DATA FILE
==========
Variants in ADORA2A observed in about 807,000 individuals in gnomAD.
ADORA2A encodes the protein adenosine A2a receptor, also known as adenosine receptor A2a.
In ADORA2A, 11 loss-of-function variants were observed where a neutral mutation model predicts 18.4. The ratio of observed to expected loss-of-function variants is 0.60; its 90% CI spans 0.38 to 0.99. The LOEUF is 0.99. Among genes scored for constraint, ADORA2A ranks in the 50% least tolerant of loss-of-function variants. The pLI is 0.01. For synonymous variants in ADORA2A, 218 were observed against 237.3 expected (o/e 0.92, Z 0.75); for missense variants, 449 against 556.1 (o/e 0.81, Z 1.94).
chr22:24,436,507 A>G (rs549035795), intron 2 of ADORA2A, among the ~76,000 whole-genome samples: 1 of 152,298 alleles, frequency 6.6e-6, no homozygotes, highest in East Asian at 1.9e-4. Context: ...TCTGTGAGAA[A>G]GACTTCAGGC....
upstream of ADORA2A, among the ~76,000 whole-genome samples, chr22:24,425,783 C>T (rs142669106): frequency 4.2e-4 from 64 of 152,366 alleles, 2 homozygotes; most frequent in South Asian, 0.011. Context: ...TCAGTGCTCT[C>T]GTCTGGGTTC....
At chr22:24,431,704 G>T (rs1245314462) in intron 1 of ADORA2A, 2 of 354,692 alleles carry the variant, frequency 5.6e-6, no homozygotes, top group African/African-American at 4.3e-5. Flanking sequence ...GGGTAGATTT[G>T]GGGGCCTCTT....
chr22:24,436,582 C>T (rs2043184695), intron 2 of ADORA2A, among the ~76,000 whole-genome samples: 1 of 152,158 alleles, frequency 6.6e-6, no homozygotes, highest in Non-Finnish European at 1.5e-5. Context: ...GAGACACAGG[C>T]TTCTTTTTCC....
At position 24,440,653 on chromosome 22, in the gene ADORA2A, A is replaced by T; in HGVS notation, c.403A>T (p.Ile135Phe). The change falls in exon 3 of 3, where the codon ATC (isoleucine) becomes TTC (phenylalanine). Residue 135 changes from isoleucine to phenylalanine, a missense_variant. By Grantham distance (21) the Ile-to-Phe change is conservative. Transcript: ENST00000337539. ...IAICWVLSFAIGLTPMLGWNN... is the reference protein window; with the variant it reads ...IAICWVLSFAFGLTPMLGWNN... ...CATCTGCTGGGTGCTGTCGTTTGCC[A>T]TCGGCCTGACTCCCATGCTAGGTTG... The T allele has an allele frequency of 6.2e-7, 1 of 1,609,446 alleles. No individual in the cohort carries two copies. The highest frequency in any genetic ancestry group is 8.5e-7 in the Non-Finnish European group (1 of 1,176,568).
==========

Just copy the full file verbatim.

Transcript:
Variants in ADORA2A observed in about 807,000 individuals in gnomAD.
ADORA2A encodes the protein adenosine A2a receptor, also known as adenosine receptor A2a.
In ADORA2A, 11 loss-of-function variants were observed where a neutral mutation model predicts 18.4. The ratio of observed to expected loss-of-function variants is 0.60; its 90% CI spans 0.38 to 0.99. The LOEUF is 0.99. Among genes scored for constraint, ADORA2A ranks in the 50% least tolerant of loss-of-function variants. The pLI is 0.01. For synonymous variants in ADORA2A, 218 were observed against 237.3 expected (o/e 0.92, Z 0.75); for missense variants, 449 against 556.1 (o/e 0.81, Z 1.94).
chr22:24,436,507 A>G (rs549035795), intron 2 of ADORA2A, among the ~76,000 whole-genome samples: 1 of 152,298 alleles, frequency 6.6e-6, no homozygotes, highest in East Asian at 1.9e-4. Context: ...TCTGTGAGAA[A>G]GACTTCAGGC....
upstream of ADORA2A, among the ~76,000 whole-genome samples, chr22:24,425,783 C>T (rs142669106): frequency 4.2e-4 from 64 of 152,366 alleles, 2 homozygotes; most frequent in South Asian, 0.011. Context: ...TCAGTGCTCT[C>T]GTCTGGGTTC....
At chr22:24,431,704 G>T (rs1245314462) in intron 1 of ADORA2A, 2 of 354,692 alleles carry the variant, frequency 5.6e-6, no homozygotes, top group African/African-American at 4.3e-5. Flanking sequence ...GGGTAGATTT[G>T]GGGGCCTCTT....
chr22:24,436,582 C>T (rs2043184695), intron 2 of ADORA2A, among the ~76,000 whole-genome samples: 1 of 152,158 alleles, frequency 6.6e-6, no homozygotes, highest in Non-Finnish European at 1.5e-5. Context: ...GAGACACAGG[C>T]TTCTTTTTCC....
At position 24,440,653 on chromosome 22, in the gene ADORA2A, A is replaced by T; in HGVS notation, c.403A>T (p.Ile135Phe). The change falls in exon 3 of 3, where the codon ATC (isoleucine) becomes TTC (phenylalanine). Residue 135 changes from isoleucine to phenylalanine, a missense_variant. By Grantham distance (21) the Ile-to-Phe change is conservative. Transcript: ENST00000337539. ...IAICWVLSFAIGLTPMLGWNN... is the reference protein window; with the variant it reads ...IAICWVLSFAFGLTPMLGWNN... ...CATCTGCTGGGTGCTGTCGTTTGCC[A>T]TCGGCCTGACTCCCATGCTAGGTTG... The T allele has an allele frequency of 6.2e-7, 1 of 1,609,446 alleles. No individual in the cohort carries two copies. The highest frequency in any genetic ancestry group is 8.5e-7 in the Non-Finnish European group (1 of 1,176,568).